Anyone who owns a dog knows that, sometimes, there is just no explanation for what your pet will find appetizing.
Pups have been known to eat their toys, your socks, and the occasional houseplant.
But what do you do if your dog, for some obscure reason known only to himself, decides that those dryer sheets look simply delicious?
Are Dryer Sheets Toxic To Dogs?
Dryer sheets are toxic to your pet. They contain a plethora of chemicals that are not meant as food.
Such items are cationic detergents that can be hard on your pup’s gastrointestinal tract.
They can cause irritation and stomach upset, sometimes accompanied by a mild to moderate case of vomiting and/or diarrhea.
They also contain chemical fabric softeners, which can cause virtually similar effects.
Be aware that either of these substances, detergents or liquid fabric softener can cause poisoning and burns in the gastrointestinal tract.
Common sense tells us that used dryer sheets are less damaging than brand new ones, as most of the chemicals have been dissipated, but both can be harmful if ingested.
Such products are soft and absorbent. A single sheet will probably pass through your pup’s systems with very little, or no, ill effects.
However, their very absorbency can create further difficulties as they may absorb any liquid in the animal’s system, causing it to expand.
And as it expands, the more likely it is to cause a damaging blockage.
What To Do?
First, become informed. That is if you can become informed.
These pieces of fabric can contain more harmful ingredients than those found in kitchen cleaning products, but problems may arise because the Consumer Protection Safety Commission, which regulates the labeling of similar products, has very lax guidelines.
Consequently, you may not even be able to tell what toxic substances these little fluffy things do, or do not, contain.
Read the packaging for any information you can garner. If it does not state emphatically that this product is non-toxic, and you still have concerns, call the number provided on the box and ask pertinent questions.
Some of these little pieces of fabric contain known carcinogens, although this will not be a problem unless your pet makes them a major part of his steady diet. But, perhaps it should be of some concern to you, as such chemicals are making their way into your household environment.
Next, try to induce vomiting if the accident occurred within the last hour or two. The less time offending items stay in your dog’s gastrointestinal tract, the less damage they will be able to do.
If you are unable to induce your pet to vomit, call your vet! he may advise you to start your pup on a special diet of potatoes or rice and boiled chicken. Such foods are designed to help push things through the digestive system.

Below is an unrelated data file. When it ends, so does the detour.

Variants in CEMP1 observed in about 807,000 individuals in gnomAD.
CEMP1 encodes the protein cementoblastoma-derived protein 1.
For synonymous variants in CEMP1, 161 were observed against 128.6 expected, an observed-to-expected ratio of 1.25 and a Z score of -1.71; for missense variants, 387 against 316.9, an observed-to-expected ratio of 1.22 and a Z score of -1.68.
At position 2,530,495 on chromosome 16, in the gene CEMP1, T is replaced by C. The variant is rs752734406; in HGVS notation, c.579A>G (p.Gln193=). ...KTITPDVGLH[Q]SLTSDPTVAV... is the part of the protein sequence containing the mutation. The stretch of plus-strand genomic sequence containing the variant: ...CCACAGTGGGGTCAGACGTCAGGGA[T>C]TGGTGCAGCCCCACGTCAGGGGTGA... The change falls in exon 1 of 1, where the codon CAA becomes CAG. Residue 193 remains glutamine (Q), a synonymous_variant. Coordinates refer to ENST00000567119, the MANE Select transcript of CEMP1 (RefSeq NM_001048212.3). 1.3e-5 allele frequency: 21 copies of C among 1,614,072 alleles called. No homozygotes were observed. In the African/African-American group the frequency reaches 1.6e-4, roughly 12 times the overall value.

Restrict your pooch’s activity for the next few days. No heavy exercise or long walks. And you must monitor him carefully for the next two or three days.
Look for signs which may indicate an obstruction, which can occur anywhere in the gastrointestinal tract.
As bad as a chemical burn on internal organs sounds, an obstruction can be much worse.
It can cause a partial or complete, blockage of your pup’s digestive system. allowing fluids and solids to build up. Your canine companion will experience extreme discomfort as pressure builds up.
Moreover, it can prove fatal if left untreated.
Signs to look for include continued vomiting, diarrhea, abdominal tenderness, lethargy, loss of appetite, not wanting to eat, refusal of water, or straining to produce a stool.
Diagnosis should be made by a qualified professional and may require endoscopy or abdominal ultrasound.
You must also, unfortunately, pay close attention to the stools your pooch produces, looking for blood which may be indicated by a bright red color or a dark, tarry feces.
This may be a thankless job, but given such dire consequences of an undiagnosed obstruction, will worth any effort.
The most tell-tale signs of obstruction are persistent vomiting and anorexia. If you have been unable to retrieve any consumed sheet within two or three days, take your pooch to your veterinarian immediately .
Actually, if you are at all concerned, a vet visit immediately after discovering your pup’s culinary mistake would not be unwarranted, and is, in all probability, the best course of action.
Just remember to bring the dryer sheet box with you so a professional can assess the damage which may be caused by chemicals involved.
Moreover, careful observation of your pet’s symptoms can lead to an early diagnosis and a complete recovery but it is important to take such threat seriously.
And, an ounce of prevention, is worth a pound of cure. Keep similar items tucked away so your canine companion will not be tempted by their intriguing scent.
You may not have ever considered such helpful little things a danger before, but that doesn’t mean your dog has a good sense to avoid them. Certainly, They don’t belong in your pup’s tummy. Being soft and fluffy on the outside should be enough for him.
If your dog ate part of a dryer sheet , don’t panic. And remember to keep your pet away from the laundry room .